To put that into perspective, this outrage is taking place in a country in which truckers protesting COVID-19 policies by parking their vehicles paralyzing traffic in the capital of Ottawa in what they called a “freedom convoy” were treated as insurrectionists. Their bank accounts and those of their supporters were frozen, and their leaders are being tried now on a variety of charges that could land them in prison, even while pro-Hamas protestors were given kid-gloves treatment in the same city.

It’s all part of the same mindset that led to a private Jewish high school’s girl basketball team withdrawing from a game being played in Yonkers, N.Y., against Roosevelt High School—a college-prep magnet school—after they were repeatedly subjected to antisemitic taunts and rough play by their opponents. One Roosevelt High player screamed at the Lefell School players, “I support Hamas, you f**king Jew.” Roosevelt forfeited the game. One player was suspended a day later, and the coach was fired. But again, just imagine, if one of the Jewish girls or any non-minority had yelled, “I support the Klan” at an African-American player. It would have made the front page of the Times and become a national cause-célèbre. But as of this writing, the Times has yet to even acknowledge it in much the same manner that it was late to account for the antisemitic riot that took place in a Queens high school that targeted a pro-Israel teacher.

These incidents and the growing total of opinion surveys that point to a spike in antisemitic attitudes are not just a result of indoctrination in the intersectional lie about the Palestinian war to destroy Israel being analogous to the struggle for civil rights in the United States. It’s also a product of the mainstreaming of anti-Zionist invective and barely disguised prejudice against Jews in publications like the Times and the willingness of pop-culture outlets like the “Saturday Night Live” show to take the side of those justifying the advocacy of genocide of Jews rather than those calling it out.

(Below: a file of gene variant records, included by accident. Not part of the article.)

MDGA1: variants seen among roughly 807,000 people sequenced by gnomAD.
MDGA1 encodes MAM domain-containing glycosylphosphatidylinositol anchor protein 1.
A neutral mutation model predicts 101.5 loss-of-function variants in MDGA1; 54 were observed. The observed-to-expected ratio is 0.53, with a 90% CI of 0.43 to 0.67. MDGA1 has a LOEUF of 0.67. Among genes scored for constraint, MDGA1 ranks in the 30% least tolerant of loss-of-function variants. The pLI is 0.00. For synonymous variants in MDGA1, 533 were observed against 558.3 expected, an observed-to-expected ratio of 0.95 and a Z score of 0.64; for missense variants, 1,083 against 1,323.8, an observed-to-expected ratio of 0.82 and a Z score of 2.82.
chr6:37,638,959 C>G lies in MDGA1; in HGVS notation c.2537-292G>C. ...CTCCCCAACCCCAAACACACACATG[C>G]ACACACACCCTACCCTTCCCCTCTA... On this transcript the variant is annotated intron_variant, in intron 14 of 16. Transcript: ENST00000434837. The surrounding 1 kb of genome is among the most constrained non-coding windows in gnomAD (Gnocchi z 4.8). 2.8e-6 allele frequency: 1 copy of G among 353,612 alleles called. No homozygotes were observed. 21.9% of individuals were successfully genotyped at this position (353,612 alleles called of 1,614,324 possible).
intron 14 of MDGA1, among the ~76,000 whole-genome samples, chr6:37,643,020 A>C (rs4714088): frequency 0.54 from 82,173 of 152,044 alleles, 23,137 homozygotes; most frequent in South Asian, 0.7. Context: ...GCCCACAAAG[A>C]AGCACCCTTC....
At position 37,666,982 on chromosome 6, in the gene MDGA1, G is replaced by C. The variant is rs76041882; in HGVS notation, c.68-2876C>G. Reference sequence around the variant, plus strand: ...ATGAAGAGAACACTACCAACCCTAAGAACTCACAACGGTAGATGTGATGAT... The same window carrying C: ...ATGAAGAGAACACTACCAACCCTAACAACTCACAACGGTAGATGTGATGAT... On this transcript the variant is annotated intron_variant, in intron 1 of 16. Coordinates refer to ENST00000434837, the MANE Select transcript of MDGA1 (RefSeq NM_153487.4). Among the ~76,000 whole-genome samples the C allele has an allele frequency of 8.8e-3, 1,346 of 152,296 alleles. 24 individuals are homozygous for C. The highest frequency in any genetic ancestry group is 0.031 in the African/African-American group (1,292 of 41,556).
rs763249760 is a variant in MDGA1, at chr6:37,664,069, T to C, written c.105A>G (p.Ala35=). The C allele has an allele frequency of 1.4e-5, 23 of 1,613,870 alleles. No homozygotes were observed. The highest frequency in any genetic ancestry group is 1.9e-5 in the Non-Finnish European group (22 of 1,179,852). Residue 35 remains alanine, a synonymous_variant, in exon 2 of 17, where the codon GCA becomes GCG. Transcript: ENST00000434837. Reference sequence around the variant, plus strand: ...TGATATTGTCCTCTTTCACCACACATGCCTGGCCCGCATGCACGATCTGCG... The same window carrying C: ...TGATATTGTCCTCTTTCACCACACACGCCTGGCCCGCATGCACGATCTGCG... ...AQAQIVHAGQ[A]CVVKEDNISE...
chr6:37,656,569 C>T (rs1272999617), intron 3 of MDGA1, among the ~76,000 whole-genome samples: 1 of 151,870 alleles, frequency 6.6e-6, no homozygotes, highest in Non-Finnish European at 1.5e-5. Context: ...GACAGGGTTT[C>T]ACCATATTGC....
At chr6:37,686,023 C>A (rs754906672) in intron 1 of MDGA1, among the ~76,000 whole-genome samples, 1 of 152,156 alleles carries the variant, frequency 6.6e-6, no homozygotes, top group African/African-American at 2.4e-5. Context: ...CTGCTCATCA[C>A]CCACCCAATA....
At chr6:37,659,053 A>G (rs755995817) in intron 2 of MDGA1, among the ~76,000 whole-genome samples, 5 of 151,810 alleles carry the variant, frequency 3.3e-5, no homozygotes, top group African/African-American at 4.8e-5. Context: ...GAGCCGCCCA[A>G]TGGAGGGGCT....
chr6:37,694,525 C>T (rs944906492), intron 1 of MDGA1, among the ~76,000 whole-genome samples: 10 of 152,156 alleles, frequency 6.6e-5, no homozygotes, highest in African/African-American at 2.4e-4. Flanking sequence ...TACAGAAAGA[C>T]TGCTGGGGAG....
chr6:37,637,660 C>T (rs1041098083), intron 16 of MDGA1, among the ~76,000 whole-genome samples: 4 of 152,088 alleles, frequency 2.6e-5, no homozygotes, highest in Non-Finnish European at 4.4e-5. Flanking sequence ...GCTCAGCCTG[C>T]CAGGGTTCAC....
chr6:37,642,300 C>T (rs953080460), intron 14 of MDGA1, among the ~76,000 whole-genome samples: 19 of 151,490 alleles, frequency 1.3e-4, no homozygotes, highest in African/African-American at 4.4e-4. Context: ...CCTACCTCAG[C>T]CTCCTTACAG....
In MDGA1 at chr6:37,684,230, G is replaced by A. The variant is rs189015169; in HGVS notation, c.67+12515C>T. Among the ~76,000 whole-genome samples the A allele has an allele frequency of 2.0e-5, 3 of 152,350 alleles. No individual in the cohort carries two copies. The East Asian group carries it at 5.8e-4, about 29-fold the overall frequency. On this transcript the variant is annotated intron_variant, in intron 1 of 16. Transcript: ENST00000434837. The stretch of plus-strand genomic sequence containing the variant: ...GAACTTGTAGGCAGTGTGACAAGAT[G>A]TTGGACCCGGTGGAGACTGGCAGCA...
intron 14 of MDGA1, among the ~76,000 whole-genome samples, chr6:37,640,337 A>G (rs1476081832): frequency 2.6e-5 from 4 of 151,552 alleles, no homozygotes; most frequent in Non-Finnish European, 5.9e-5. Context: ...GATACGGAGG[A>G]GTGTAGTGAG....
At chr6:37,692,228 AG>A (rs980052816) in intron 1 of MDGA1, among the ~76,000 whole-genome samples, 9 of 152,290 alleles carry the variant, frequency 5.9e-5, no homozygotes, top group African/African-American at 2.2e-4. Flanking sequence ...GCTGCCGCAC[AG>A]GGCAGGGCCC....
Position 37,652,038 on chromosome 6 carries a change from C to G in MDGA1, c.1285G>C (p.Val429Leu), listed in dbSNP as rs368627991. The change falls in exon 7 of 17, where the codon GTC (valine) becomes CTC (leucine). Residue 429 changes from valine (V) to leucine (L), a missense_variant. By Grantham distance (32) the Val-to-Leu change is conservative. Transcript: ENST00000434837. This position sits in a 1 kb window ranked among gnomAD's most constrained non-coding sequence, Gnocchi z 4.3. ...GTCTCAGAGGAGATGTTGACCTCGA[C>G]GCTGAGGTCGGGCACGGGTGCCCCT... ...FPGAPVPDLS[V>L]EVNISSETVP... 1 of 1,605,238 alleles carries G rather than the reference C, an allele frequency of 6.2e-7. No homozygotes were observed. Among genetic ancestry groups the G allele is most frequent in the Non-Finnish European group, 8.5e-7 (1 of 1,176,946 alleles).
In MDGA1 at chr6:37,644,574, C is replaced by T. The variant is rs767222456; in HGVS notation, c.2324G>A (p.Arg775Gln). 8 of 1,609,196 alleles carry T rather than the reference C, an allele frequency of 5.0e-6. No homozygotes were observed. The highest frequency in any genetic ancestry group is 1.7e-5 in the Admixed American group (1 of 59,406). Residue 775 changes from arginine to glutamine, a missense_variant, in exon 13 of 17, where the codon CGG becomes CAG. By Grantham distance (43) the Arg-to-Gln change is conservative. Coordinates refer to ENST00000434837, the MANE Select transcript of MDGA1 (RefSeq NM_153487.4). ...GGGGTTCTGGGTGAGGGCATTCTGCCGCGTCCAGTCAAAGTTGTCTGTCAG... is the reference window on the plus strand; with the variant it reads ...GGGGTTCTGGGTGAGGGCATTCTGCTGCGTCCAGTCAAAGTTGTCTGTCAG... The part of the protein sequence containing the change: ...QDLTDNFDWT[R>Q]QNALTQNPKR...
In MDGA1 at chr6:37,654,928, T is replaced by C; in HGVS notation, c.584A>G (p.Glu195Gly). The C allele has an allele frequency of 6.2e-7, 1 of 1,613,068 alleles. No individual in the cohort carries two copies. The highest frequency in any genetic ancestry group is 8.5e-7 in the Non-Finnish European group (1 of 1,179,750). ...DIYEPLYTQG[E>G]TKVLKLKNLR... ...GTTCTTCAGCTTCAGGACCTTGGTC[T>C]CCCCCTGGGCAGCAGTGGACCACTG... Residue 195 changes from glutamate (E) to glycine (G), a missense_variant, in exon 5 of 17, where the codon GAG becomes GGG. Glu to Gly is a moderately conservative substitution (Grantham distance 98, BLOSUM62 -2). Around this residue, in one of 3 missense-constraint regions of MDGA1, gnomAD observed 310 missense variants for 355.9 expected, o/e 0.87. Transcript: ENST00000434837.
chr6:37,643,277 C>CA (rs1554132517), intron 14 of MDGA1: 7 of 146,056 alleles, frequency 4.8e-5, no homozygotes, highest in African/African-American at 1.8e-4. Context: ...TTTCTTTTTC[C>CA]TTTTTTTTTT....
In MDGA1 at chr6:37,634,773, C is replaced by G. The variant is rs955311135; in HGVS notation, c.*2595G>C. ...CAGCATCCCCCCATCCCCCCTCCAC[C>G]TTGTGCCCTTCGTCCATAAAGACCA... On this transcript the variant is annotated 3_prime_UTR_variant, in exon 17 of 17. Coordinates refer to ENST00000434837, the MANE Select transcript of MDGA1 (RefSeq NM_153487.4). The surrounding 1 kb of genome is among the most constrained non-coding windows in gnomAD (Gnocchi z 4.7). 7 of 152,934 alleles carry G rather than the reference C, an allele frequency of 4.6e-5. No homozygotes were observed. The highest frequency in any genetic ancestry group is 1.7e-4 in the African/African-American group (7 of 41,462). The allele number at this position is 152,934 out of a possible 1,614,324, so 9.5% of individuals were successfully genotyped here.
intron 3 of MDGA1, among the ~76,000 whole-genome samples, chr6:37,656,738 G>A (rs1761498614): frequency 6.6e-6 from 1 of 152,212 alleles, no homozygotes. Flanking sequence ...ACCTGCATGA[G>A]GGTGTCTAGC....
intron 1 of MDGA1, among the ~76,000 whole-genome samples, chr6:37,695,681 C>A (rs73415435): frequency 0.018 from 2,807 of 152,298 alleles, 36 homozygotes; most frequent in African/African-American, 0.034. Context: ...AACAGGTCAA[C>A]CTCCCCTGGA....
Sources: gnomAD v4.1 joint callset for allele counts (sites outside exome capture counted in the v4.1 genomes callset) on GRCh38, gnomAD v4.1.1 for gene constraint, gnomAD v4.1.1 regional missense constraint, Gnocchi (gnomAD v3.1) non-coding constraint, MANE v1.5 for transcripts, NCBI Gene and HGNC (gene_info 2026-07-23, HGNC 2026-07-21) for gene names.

The problem is that the people who are committing the growing list of antisemitic acts on the streets and on college campuses are not part of a tiny radical fringe like the tiki-torch-bearing neo-Nazis who gathered in Charlottesville. These demonstrators are educated “progressives” who claim to support human rights and are often connected in one way or another to the elites who run the institutions of academia, the media, the arts and liberal politics. In other words, the new shock troops of antisemitism are people that liberal Jews are used to considering as allies. That’s why it is so hard for even groups such as the Anti-Defamation League, which is supposed to be protecting the Jewish community, to stop defending DEI policies that are behind this rise in antisemitism.

Jews cannot afford to look away from the main cause of their current woes. Instead, they must focus on why it is that progressives think that Jews are the one minority group that can be discriminated against with impunity. The community needs to mobilize its resources and demand that political leaders start treating those who are carrying out these antisemitic hate crimes in the name of supposed sympathy for the Palestinians with the harshness they deserve. It must also insist that mainstream publications go back to treating anti-Zionism as a form of hatred against Jews. Only then can we hope to quell this dangerous surge of hate.

Jonathan S. Tobin is editor-in-chief of JNS (Jewish News Syndicate). Follow him: @jonathns_tobin.